Make us your home page

Mystery buyer purchases $8.8 million of Clearwater Beach property

The vacant lot, right middle, on north Clearwater Beach and the house above it, left of the lot, is on a narrow strip of land  between Caladesi Island and the Carlouel Yacht Club.


The vacant lot, right middle, on north Clearwater Beach and the house above it, left of the lot, is on a narrow strip of land between Caladesi Island and the Carlouel Yacht Club.

CLEARWATER — In mid-July, on the secluded sands of north Clearwater Beach, a hedge-framed mansion and a palm-dotted lot were deeded to a mysterious company named Where's the Turtle LLC.

Formed 10 days earlier, in Delaware, the company breezily signed off on its first act of business: buying 110,000 square feet in the gated millionaire enclave of Mandalay Point.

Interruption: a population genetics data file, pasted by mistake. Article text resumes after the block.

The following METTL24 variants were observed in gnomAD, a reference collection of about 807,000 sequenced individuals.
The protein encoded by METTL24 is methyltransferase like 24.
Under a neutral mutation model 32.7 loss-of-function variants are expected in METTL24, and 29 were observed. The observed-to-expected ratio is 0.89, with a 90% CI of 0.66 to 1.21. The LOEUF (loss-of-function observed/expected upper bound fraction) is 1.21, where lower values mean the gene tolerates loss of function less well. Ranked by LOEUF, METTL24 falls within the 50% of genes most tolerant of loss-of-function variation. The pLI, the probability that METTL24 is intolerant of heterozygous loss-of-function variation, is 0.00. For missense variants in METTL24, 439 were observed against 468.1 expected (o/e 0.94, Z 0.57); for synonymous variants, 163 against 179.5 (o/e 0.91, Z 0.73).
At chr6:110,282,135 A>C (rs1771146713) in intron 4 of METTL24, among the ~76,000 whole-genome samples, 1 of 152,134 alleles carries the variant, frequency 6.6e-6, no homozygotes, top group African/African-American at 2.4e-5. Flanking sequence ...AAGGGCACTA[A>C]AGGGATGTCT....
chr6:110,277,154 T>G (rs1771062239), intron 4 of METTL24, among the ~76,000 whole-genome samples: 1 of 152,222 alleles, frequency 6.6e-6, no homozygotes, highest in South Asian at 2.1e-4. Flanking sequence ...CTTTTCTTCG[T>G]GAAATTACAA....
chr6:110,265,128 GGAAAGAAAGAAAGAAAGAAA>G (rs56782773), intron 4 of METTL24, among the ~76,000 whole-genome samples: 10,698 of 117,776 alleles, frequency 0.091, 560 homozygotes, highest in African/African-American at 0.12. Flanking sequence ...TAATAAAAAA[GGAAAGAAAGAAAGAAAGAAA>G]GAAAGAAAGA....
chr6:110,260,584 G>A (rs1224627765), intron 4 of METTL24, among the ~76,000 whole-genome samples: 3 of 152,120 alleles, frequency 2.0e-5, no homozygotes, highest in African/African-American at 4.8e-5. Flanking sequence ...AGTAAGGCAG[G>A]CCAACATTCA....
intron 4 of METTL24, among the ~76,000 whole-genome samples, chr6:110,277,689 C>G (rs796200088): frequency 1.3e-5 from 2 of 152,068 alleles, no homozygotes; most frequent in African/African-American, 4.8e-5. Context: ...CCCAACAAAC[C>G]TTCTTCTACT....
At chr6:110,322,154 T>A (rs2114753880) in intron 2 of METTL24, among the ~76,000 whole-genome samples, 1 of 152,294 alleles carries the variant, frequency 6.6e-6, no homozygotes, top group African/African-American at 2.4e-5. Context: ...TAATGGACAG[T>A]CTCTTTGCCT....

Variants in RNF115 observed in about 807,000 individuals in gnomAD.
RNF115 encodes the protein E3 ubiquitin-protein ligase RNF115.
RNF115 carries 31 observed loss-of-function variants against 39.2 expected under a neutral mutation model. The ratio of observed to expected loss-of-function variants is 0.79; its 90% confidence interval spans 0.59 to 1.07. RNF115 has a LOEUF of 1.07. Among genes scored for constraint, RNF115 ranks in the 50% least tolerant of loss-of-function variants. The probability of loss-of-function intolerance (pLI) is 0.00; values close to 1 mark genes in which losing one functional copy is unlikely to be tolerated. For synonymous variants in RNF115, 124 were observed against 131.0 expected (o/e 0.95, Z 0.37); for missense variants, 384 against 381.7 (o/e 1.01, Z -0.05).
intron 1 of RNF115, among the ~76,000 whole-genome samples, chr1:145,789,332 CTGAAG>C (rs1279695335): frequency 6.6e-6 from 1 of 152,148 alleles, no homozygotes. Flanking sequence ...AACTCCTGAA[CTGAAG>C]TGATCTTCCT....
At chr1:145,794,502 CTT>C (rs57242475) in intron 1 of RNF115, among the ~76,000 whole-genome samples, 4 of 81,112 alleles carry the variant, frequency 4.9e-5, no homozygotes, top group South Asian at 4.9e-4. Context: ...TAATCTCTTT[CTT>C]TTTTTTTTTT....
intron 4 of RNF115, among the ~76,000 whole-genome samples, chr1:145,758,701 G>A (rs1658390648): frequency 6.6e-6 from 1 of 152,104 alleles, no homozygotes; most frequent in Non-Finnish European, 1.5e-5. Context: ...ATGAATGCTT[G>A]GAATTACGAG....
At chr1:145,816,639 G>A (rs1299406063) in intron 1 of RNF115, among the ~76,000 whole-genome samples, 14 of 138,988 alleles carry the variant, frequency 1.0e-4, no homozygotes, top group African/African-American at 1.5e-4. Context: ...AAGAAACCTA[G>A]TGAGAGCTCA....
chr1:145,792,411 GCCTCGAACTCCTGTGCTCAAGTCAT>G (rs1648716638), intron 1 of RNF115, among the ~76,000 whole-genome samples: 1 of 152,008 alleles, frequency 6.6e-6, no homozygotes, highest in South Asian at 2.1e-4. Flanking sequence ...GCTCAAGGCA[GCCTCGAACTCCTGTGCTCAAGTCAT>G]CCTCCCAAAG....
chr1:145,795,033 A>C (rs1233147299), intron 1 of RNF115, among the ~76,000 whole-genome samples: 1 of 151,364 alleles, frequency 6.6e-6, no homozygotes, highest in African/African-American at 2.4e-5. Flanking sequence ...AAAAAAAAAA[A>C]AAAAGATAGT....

On an isthmus between Caladesi Island and the Carlouel Yacht Club, with views of the gulf and Intracoastal Waterway, the company had assembled an unspoiled beachfront the length of a football field.

The two deeds on the beach's poshest block cost $8.8 million. (For perspective: A 30-year mortgage would cost more than $24,000 a month.)

Yet for all its big spending, the origins of Where's the Turtle remained, like its name, an enigma. The company had been registered through a Wilmington, Del., corporate-identity service favored by many on the Fortune 500. The owner or any associates were effectively cloaked from view.

The company's whereabouts were similarly masked. Its corporate address tracked back to Manhattan, to the 15th floor of 1350 Avenue of the Americas, a "boutique office" tower with views of Central Park. That floor is occupied by Rothstein Kass, an accounting firm catering to "high-net-worth individuals," with offices in the Cayman Islands and Beverly Hills.